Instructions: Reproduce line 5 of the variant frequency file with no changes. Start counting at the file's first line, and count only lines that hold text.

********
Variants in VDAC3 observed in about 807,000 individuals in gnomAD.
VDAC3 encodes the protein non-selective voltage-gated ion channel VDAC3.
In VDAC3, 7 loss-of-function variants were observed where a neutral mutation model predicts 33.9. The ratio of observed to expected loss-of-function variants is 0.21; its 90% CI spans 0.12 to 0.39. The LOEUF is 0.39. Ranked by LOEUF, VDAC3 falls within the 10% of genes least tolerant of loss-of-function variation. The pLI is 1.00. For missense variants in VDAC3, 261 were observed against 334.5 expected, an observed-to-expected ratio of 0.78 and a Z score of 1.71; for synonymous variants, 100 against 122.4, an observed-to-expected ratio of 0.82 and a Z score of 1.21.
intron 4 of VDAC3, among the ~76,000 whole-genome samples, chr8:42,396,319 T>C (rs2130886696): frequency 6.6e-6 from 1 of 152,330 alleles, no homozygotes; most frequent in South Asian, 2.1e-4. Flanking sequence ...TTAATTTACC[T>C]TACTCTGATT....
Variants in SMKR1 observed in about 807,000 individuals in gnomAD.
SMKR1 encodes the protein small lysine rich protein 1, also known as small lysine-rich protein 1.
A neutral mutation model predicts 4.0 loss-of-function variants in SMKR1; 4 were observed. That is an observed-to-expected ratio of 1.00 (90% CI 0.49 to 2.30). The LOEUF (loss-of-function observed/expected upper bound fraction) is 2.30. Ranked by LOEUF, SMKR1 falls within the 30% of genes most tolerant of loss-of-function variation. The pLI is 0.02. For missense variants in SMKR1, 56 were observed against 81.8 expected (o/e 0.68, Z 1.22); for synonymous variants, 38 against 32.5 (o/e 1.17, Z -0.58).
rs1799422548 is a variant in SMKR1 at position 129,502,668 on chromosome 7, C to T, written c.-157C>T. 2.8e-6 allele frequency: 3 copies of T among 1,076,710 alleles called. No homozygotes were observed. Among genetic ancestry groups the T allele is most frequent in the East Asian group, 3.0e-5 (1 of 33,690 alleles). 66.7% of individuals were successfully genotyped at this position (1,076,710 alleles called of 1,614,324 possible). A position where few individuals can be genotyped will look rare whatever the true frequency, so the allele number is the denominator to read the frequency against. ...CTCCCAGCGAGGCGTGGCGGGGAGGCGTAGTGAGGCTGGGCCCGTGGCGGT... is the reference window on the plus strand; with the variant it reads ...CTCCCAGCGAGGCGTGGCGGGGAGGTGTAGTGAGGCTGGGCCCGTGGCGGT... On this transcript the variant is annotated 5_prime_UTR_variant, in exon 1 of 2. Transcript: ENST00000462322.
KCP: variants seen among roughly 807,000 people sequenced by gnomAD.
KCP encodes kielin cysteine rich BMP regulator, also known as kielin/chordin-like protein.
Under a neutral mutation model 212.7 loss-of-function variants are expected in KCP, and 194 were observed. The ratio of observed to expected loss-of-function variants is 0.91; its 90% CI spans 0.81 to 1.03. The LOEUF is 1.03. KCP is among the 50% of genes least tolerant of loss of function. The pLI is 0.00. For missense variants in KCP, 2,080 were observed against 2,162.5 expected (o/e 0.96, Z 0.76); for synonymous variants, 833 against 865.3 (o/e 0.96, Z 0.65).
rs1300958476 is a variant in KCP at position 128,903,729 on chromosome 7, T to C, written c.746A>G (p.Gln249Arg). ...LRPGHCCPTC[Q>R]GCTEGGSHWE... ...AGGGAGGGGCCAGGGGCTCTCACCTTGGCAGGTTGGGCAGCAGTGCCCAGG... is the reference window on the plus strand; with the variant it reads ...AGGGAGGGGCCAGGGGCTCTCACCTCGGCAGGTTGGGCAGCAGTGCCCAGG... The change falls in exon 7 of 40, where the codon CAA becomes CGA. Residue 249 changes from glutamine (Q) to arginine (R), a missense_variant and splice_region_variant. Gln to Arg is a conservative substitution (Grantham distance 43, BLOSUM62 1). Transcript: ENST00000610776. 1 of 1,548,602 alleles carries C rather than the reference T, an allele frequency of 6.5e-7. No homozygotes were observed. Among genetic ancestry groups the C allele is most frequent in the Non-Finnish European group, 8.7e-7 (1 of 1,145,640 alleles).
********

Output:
Variants in SMKR1 observed in about 807,000 individuals in gnomAD.